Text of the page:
Home truths amid the snow

Facing the truth: Stuart McGugan as the Rev Martin Gregory with Corrinne Wicks as his daughter Margaret

The Holly and The Ivy

Lichfield Garrick

****

WE can all see obvious problems in being the son of a preacher man, or in this case son and daughters of the village vicar.

Transgressions by offspring can reflect badly on God’s district office in the shape of the parish priest attempting to lead his flock along the paths of righteousness.

Add to that theological tension that mix of festivities and hostilities we call Christmas and you have the setting for Wynyard Browne’s 1950 play set in a Norfolk vicarage in 1947, which as some will remember, was one of the coldest and snowiest winters in the past hundred years or so.

We first meet daughter Jenny played with a demure matter of factness by Charlotte Hunter.

Despite the amorous attentions of dour, down to earth Scottish engineer David Patterson, who wants to marry her and take her with him to South America where he has a five-year contract, she seems resigned to a life of likely spinsterhood looking after her aging father.

David is played by Tom Butcher, remembered as Pc Steve Loxton in The Bill, who gives us a no nonsense character with an excellent and consistent Scottish accent, which unlike the weather outside the window, never drifted.

Jenny’s father is the vicar, the Rev Martin Gregory, played with reverential ease as the everyman vicar by Stuart McGugan. Martin, it transpires, has been perhaps more attuned to the needs of his parishioners than of his own children. A good man but has he been a good father?

This comes to a head when son Michael, played with a nice, jaunty air by Dean Smith, wangles a 48 hour pass from the army, and after arriving unexpectedly on Christmas Eve, then returns after an evening out with sister Margaret with both tired and emotional . . . as newts.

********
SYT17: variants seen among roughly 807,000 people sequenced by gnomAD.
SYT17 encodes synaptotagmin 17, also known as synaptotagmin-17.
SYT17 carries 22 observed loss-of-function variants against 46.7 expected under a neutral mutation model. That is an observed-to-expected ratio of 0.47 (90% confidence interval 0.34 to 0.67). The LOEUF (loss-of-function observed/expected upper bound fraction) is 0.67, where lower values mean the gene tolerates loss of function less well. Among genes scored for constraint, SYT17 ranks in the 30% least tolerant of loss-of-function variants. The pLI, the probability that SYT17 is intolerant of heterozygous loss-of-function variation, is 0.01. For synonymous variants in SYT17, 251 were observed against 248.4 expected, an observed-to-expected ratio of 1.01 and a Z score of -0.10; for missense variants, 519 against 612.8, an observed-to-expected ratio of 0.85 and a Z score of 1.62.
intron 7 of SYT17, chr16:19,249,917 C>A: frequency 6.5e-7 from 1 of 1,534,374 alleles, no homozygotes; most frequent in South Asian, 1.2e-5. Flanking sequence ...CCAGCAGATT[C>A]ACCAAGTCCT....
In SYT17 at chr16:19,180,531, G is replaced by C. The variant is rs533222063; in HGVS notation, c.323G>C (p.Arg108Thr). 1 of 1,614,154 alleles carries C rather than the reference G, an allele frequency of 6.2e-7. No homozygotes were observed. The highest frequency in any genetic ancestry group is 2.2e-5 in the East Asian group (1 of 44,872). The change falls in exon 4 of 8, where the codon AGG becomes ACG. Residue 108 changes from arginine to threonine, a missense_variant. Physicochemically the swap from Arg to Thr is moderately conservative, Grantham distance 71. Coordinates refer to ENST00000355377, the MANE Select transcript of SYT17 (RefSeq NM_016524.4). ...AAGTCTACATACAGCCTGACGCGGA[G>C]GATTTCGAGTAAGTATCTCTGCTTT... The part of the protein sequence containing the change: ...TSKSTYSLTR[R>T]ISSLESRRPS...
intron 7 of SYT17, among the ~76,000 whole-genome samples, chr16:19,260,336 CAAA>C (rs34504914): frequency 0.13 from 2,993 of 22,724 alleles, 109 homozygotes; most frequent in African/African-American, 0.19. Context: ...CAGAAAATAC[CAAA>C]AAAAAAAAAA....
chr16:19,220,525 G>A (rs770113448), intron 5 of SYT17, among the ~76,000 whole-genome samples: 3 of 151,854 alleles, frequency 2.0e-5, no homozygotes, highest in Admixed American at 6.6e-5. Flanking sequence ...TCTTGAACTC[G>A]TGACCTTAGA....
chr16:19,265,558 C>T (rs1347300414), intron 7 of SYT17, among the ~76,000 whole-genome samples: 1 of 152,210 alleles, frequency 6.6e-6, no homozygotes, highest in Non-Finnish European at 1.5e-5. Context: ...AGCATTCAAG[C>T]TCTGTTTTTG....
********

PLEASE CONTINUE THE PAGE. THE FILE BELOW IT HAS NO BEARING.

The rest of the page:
He might have been a bit wobbly on his feet but his declaration that no one could ever tell his angry father the truth was straight to the point and was the catalyst for a soul searching fest  come Christmas Day.

Margaret with her sister's boyfriend David, played by Tom Butcher

Fashion writer Margaret is played with suitable neurosis by Corrinne Wicks who seems to be a selfish, aloof, uncaring alcoholic when she arrives but we start to warm to her as bit by bit we discover the tragedy of her life. A tragedy she has felt unable to share with her man of God father.

Their dialogue about the meaning of life and all that, the crux of the play is perhaps a little too long and theological for modern audiences and perhaps 63 years ago might had had more relevance; it seems a little dated these days as if it should be said in rather clipped, upper-class tones in soft focus black and white.

But then again this is a period piece and director Michael Lunney and his Middle Ground Theatre Company have managed to give the whole piece from scenery, to dress and suitcases, the feel of 1947 so we cannot really complain when a theological discussion is in keeping with the times.

Helping to give the family Christmas air we have the aunts, with first sweet, understanding Lydia, played by the vastly experienced Hildegard Neil and then grumpy old woman par excellence Bridget, an Irishwoman who dislikes just about every living, dead, animate or inanimate object on the planet. In the hands of Sally Saunders she is a delightful comic relief as part of a ladies of mature years double act. Then for added amusement there is cousin Richard, the retired Colonel and godfather of Margaret, played in suitable military manner by Alan Leith.

Like most of Middle Ground’s productions, their Frankie and Johnny in the Claire de Lune is still a favourite, this is a solid production, well acted with substantial sets and designs that look the part.

Despite being 63 years old, apart from perhaps the heart to heart between father and daughter, it has stood the test of time well with a decent storyline and believable characters with interesting narratives - even the colonel has a secret to tell. And that is what good theatre is all about. To 18-01-14

Roger Clarke

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